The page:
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Home country effects of foreign direct investment: From a small economy to a large economy

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  • Lee, Hsiu-Yun
  • Lin, Kenneth S.
  • Tsui, Hsiao-Chien

Abstract

Previous studies on home country effects mainly focused on FDI from large developed economies to other countries. But today's super recipient is a relatively larger economy than its investors and many of these investors are not classified as "developed economies." A simple Ak type model implies that a small and more developed country investing in a large and less developed country will experience decreases in both employment and income disparity (compared to the recipient country) as the less-developed recipient country gains the higher technology of production through FDI inflows. The empirical results for the Four Tigers (source countries) and China (recipient country) are consistent with our theoretical model of FDI outflows. We also find that FDI outflows to China decrease the ratio of exports to GDP only for small source countries, even though a higher investment in China raises the share of these countries' exports-to-China to China's total imports.

Suggested Citation

  • Lee, Hsiu-Yun & Lin, Kenneth S. & Tsui, Hsiao-Chien, 2009. "Home country effects of foreign direct investment: From a small economy to a large economy," Economic Modelling, Elsevier, vol. 26(5), pages 1121-1128, September.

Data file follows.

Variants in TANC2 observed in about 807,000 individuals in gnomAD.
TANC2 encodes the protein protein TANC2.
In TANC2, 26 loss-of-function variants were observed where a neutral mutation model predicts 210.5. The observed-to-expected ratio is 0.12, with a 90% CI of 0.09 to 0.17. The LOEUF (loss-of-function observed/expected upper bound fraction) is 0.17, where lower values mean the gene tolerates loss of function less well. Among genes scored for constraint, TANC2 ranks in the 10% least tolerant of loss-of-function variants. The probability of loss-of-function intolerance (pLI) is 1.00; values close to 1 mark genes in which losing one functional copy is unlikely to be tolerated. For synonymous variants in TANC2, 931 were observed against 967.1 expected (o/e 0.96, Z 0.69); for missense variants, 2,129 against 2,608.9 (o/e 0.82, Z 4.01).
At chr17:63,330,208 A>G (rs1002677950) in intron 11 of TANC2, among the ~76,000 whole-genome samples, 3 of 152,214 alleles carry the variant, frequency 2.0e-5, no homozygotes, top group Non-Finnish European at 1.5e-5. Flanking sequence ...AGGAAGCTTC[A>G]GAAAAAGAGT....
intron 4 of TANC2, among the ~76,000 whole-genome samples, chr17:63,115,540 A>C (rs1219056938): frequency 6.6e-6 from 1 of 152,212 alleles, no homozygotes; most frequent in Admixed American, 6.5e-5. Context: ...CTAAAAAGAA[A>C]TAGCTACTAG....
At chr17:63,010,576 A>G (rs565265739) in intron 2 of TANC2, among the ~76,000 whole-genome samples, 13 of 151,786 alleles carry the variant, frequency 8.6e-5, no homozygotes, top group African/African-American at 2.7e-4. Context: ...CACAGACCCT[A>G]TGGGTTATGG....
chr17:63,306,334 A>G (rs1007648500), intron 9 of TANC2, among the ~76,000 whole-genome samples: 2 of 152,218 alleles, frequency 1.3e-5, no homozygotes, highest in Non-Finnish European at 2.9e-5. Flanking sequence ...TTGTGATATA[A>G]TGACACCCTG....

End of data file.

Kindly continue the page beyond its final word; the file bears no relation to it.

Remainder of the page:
• Handle: RePEc:eee:ecmode:v:26:y:2009:i:5:p:1121-1128
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    References listed on IDEAS

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    Cited by:

    1. Bojnec, Štefan & Ferto, Imre, 2014. "Outward Foreign Direct Iinvestments and Merchandise Exports: The European OECD Countries," Journal for Economic Forecasting, Institute for Economic Forecasting, vol. 0(2), pages 87-99, June.
    2. Damijan, Jože & Kostevc, Crt & Rojec, Matija, 2014. "Outward FDI and company performance in CEECs," Working Paper Series in Economics and Institutions of Innovation 381, Royal Institute of Technology, CESIS - Centre of Excellence for Science and Innovation Studies.

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